By learning to stay calm in an exchange with someone who’s angry, you’re more apt to keep the situation from escalating. (For Spectrum Health Beat)

There’s been no shortage of stressors in 2020.

“We’ve been socially isolated, disconnected for months at this point, as well as felt a loss of control in many areas of our lives,” said Allyn Richards, PhD, a psychologist with Spectrum Health. “When you pair this with rising tensions, it’s a recipe ripe for stress.”

Hopefully, you’re finding some ways to wrangle your worries and keep your own emotions in check.

But what about those around you? What’s the best way to handle an agitated co-worker, a curmudgeonly neighbor or a grumpy shopper?

“We’re encountering an increasing number of hostile and angry interactions in situations we cannot avoid, including in both our professional and personal lives,” Dr. Richards said.

When ire comes to your cubicle or your corner of the supermarket, the best thing you can do is try to de-escalate the situation.

But first things first.

Know when to walk away

No one should be subject to threats, intimidation, bullying or other forms of threatening harassment.

If someone is being verbally abusive and threatening and you simply can’t have an effective exchange with them, you must recognize the point at which it doesn’t make sense to engage, Dr. Richards said.

Know when to take a break and come back later—or simply exit the situation altogether.

Beyond that, there are some ways to encourage constructive dialogue.

De-escalate

It’s difficult to engage in a rational exchange with someone if they’re angry, Dr. Richards said.

In those first moments of a tense exchange, aim to de-escalate the situation by responding calmly.

Don’t unleash a salvo of rebuttals. Don’t fight fire with fire.

“It’s hard when you’re on the receiving end,” Dr. Richards said. “It feels like a personal attack in that moment, so it’s a natural response to want to get defensive and lash back out.

“But it’s important to keep in mind that it’s someone else’s anger,” she said. “It’s not about you. It’s about their own emotional response and their perspective in that situation.”

Be aware of your voice and presence.

“Keep a calm, slow tone and be mindful of your body language,” Dr. Richards said. “Be open, not threatening, in terms of how you approach someone physically.”

If you’re leaning in close with arms crossed defiantly, that could instigate a harsher response. Don’t point fingers. Aim for an open-body posture. Keep your hands unclenched and open.

“We pick up on those nonverbal cues whether we’re aware of it or not,” Dr. Richards said.

Validate

Anger is often a representation of someone experiencing emotional pain—feeling threatened, fearful, hurt.

Strive to acknowledge the other person’s feelings, Dr. Richards said.

“By acknowledging that someone (is) hurting right now, that can help you approach it from a calm and reasonable place,” she said.

Telling the other person to calm down is not an acknowledgement of their feelings.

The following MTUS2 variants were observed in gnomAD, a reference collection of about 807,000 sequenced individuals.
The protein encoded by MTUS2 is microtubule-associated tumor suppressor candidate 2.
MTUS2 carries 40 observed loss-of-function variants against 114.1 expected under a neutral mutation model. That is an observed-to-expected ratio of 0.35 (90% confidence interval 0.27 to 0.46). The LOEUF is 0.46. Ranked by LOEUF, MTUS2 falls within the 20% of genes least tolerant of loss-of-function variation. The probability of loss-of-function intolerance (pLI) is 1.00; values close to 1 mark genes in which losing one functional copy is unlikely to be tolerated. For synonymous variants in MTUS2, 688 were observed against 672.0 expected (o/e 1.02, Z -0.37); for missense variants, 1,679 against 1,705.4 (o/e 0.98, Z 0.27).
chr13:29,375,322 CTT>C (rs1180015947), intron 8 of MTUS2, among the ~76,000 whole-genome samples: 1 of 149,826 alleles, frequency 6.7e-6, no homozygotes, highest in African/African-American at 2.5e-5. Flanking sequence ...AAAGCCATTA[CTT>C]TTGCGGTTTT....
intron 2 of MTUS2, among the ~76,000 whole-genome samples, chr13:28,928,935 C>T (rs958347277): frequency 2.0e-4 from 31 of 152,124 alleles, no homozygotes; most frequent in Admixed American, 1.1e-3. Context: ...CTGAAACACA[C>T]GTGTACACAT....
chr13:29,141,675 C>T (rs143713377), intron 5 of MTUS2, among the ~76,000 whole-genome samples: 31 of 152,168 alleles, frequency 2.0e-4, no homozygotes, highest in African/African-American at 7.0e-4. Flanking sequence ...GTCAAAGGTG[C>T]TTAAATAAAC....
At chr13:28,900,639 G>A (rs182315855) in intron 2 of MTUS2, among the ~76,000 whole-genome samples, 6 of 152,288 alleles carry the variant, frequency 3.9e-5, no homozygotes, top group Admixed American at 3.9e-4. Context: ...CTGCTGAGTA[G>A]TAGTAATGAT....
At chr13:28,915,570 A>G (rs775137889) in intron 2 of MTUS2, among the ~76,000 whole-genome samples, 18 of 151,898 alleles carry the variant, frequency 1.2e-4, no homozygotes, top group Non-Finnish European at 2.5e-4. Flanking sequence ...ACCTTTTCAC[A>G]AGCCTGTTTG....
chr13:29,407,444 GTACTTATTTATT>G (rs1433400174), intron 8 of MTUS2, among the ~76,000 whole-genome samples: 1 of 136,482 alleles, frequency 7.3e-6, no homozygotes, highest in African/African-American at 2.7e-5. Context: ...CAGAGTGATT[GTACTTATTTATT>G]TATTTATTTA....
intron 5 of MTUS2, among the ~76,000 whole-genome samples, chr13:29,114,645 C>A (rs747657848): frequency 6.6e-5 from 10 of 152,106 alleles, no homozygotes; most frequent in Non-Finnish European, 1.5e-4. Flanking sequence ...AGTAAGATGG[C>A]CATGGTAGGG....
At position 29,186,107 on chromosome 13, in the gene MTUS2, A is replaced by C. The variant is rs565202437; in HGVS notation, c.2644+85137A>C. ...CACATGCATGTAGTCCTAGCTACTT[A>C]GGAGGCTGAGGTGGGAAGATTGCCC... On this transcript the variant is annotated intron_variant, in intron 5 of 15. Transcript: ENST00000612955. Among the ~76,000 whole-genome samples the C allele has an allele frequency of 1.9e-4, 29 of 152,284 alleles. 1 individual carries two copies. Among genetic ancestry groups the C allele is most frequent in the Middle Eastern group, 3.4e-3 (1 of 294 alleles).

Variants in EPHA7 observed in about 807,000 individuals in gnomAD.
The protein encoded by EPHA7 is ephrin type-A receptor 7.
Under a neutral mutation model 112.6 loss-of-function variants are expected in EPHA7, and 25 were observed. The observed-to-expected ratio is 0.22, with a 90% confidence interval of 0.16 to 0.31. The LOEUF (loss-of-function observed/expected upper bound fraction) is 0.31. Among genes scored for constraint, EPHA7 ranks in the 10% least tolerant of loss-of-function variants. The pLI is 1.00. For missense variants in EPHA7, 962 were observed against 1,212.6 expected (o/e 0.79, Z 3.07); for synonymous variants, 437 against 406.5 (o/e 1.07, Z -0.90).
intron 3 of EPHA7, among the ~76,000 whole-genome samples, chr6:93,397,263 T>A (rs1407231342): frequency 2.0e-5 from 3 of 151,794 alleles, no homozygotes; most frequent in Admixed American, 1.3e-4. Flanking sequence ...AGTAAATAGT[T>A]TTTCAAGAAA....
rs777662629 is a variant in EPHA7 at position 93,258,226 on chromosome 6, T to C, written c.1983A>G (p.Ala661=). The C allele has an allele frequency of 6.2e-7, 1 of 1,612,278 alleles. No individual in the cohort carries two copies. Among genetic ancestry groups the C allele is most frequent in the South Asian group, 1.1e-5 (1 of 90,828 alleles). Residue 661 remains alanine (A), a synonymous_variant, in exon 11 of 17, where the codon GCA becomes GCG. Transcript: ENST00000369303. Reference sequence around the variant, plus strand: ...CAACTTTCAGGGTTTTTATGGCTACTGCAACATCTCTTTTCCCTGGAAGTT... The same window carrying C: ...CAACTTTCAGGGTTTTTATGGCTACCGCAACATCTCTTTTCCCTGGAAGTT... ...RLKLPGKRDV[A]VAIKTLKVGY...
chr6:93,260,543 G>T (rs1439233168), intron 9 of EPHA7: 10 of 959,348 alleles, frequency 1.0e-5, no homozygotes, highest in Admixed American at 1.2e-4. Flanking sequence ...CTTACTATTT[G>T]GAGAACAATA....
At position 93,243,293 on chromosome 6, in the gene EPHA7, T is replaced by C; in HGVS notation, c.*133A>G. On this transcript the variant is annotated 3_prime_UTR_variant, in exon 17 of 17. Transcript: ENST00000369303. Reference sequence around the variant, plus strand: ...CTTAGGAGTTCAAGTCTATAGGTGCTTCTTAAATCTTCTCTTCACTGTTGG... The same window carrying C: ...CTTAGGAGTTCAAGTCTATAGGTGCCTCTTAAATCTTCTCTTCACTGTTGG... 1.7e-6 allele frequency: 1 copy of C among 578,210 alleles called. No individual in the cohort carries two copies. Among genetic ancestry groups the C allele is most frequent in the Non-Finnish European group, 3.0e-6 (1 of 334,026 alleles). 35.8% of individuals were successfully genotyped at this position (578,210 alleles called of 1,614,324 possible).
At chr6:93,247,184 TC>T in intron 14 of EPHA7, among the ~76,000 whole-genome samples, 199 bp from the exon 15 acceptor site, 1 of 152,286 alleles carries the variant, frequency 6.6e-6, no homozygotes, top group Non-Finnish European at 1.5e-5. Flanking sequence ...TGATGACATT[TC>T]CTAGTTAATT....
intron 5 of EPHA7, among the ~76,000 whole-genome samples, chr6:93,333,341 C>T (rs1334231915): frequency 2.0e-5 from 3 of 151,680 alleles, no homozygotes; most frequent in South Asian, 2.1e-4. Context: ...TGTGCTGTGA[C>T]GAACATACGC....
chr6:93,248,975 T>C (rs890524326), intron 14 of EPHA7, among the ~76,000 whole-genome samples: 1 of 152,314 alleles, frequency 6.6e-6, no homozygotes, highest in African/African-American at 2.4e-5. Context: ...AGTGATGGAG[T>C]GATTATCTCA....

“That tends to have the opposite effect,” she said. “It just ramps it up.”

Identify the emotion you’re seeing them experience, as specifically as possible.

Tell them, for example: “I understand you’re upset about having to wear a mask and it’s uncomfortable.”

Foster understanding

You’ll need to ask questions to find out what’s driving the other person’s anger, Dr. Richards said.

People will sometimes calm down when they’re heard, or when given the opportunity to explain their perspective.

At the end of the day, most of us need the same things, Dr. Richards said.

We want to be happy. Healthy. Safe. More certain of the world in which we live.

When life becomes wildly uncertain, it can stir up severe emotions. You should aim to figure out what it is the other person needs in those moments. Don’t discount or trivialize it.

“Ultimately, (a person’s) behavior is trying to tell you something,” Dr. Richards said.

Partner up

If the conversation reaches a point where you feel like you can better understand the other person’s perspective, you’ve made progress.

Now try to partner up on common ground, Dr. Richards said.

Identify ideas, big or small, on which you agree.

“If there’s a way for you to share goals … it’s another way to further validate and create more of a partnering in that situation,” she said.

Where there’s shared goals and experiences, there’s opportunity for harmony.

When to seek help

Learn to recognize when this process isn’t working—for the other person, or for you.

“Recognize when you do need to step away so you can regulate how you’re feeling, so that you can approach it from a calm, rational perspective,” Dr. Richards said.

If these types of tense exchanges happen with regularity in your life, it may help to seek counseling, she said.

This applies, too, in situations where you’re on the receiving end of someone’s anger.

Ultimately, we’re all responsible for our emotional reactions, Dr. Richards said.

“But it’s easier said than done,” she said. “These things happen in milliseconds.”